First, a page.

Natalie Hunter is a Canadian Artist who grew up in Hamilton, Ontario; a city known for it's industrial steel manufacturing history. Her multi-disciplinary practice is rooted within the medium of photography, and also extends to material investigations in sculpture, installation, video, and drawing. She is interested in how sensory experience shapes memory and forms an understanding of the self. She examines the ways in which cultural, historical, cinematic and material forms of memory change, bend, and stretch over time, space, and place. As such, her poetic, introspective, and emotive installations often explore storytelling, space, ephemerality, the archive, time, materiality, and the senses, within the fragility of lived experience.

She holds an MFA from the University of Waterloo, and a Bachelor of Art in Visual Art with a Concentration in Curatorial Studies from Brock University (First Class Standing). She is the recipient of several awards including the Keith and Winifred Shantz Internship Grant, Sylvia Knight Award in Fine Arts (co-recipient), Ontario Graduate Scholarship, and a President’s Graduate Scholarship from the University of Waterloo. In 2012 she interned with sculptor and installation artist Soo Sunny Park at Dartmouth College. She has shown her work in Canada and the United States in numerous exhibitions, including: the Hamilton Supercrawl, the Art Gallery of Hamilton, University of Waterloo Art Gallery, Thames Art Gallery, Rodman Hall Arts Centre, Mississauga Living Arts Centre, Hopkins Centre For the Arts at Dartmouth College, the Art Gallery of Windsor, Centre 3 for Print and Media Arts, Ryerson Image Centre, and Museum London. She currently teaches at the University of Waterloo.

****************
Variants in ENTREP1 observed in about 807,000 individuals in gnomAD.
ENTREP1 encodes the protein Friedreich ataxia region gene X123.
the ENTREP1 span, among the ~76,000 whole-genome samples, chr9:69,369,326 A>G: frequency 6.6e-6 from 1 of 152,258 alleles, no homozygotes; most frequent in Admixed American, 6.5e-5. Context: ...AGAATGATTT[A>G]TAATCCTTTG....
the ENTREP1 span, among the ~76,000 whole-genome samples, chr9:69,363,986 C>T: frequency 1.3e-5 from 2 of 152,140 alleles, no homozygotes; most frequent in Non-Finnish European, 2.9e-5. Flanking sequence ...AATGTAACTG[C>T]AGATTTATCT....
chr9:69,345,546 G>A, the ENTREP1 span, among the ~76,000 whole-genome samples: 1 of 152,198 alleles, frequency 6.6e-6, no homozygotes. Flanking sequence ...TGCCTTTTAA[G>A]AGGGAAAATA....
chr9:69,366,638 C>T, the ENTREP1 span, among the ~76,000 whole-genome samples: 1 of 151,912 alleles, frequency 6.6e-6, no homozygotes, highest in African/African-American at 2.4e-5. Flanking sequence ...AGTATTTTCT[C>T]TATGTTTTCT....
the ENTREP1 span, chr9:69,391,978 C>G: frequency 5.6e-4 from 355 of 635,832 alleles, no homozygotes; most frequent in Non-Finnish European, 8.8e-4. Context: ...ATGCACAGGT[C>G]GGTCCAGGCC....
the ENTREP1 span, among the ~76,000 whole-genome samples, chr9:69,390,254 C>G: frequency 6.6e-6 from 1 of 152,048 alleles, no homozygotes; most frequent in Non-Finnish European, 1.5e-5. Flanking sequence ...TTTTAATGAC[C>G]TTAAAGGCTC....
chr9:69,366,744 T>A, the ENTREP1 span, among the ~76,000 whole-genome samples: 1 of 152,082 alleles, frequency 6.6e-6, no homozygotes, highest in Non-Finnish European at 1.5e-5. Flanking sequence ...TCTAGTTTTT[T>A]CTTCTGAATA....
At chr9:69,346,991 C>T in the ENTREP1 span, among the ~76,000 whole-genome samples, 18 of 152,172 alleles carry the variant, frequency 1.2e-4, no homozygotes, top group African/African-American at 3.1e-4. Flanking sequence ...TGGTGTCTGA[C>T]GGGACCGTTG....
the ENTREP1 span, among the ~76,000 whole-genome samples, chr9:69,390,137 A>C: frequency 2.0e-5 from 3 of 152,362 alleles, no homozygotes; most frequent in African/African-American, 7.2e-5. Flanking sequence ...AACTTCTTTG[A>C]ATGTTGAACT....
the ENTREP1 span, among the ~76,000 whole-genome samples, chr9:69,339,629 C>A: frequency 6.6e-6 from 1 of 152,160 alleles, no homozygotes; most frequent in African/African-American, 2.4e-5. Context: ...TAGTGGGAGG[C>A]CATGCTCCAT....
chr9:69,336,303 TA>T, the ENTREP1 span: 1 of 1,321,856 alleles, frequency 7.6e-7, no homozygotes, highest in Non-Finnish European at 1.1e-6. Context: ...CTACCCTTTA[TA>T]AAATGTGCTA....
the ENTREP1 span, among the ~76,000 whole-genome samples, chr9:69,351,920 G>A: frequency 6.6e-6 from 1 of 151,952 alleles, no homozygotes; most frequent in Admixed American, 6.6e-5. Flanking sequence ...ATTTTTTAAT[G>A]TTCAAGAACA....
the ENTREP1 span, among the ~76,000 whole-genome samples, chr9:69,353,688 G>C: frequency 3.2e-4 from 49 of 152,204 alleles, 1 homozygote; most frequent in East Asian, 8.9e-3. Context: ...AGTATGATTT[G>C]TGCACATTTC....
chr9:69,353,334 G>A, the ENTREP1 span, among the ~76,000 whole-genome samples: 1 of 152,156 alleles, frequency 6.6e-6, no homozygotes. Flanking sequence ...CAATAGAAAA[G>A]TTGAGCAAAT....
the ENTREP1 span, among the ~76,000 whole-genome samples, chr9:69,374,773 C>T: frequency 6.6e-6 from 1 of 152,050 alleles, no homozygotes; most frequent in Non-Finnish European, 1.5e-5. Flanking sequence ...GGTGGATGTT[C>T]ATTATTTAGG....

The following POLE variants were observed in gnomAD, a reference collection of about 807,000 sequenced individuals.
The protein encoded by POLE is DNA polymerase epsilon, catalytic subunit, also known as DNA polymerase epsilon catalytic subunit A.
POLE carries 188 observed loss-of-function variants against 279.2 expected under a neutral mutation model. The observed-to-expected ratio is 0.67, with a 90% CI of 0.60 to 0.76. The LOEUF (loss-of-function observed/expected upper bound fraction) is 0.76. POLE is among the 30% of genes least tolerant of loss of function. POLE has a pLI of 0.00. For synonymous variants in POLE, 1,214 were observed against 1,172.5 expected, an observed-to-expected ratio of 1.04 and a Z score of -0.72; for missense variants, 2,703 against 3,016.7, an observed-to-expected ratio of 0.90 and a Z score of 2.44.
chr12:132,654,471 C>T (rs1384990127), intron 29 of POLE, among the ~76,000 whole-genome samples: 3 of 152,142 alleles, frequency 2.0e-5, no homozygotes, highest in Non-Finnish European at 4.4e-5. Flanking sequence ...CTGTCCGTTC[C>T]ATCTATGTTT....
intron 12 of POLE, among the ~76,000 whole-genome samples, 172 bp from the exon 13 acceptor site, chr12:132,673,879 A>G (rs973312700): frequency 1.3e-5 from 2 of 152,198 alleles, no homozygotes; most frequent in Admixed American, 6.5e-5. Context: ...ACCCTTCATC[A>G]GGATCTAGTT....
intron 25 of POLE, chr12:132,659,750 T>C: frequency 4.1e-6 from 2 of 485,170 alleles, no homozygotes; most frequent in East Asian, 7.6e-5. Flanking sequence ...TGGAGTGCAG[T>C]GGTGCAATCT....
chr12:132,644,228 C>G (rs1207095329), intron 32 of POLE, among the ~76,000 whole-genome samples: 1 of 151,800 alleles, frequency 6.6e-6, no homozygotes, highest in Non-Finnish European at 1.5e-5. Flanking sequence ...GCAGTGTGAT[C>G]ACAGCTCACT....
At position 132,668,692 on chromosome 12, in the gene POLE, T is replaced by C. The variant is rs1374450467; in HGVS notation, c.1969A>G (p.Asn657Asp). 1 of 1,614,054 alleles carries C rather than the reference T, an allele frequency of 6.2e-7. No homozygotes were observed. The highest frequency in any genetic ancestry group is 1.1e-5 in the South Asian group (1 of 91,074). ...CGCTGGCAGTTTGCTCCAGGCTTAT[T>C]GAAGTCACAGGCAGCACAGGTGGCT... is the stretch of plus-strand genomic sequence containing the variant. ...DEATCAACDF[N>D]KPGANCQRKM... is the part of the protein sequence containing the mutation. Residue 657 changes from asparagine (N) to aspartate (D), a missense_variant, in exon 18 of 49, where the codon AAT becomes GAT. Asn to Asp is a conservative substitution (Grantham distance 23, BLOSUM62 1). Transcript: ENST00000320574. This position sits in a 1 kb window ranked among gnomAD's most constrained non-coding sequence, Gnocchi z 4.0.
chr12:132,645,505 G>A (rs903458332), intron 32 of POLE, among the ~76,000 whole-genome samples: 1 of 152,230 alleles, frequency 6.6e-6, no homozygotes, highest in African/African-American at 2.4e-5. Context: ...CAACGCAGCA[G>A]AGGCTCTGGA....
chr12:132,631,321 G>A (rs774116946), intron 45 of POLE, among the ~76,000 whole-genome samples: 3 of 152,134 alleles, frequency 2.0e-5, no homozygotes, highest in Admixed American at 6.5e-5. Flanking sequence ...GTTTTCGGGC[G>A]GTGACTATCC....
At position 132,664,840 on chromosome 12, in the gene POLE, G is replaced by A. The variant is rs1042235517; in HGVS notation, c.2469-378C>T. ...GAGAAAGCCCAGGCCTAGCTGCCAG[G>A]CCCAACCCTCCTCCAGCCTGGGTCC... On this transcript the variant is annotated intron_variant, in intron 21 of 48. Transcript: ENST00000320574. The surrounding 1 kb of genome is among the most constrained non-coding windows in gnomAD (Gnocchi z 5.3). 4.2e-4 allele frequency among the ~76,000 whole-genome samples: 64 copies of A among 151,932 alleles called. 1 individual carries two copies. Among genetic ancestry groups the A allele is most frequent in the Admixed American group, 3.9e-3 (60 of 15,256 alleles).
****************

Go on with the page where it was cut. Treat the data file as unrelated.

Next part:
She recently completed a permanent public art installation commissioned by the City of Kitchener for the Bridgeport Community Centre titled Pieces of Light.


To inquire about the acquisition of artwork, or to discuss exhibitions or commissioned projects, please feel free to send an email.

nhunter@natalie-hunter.com.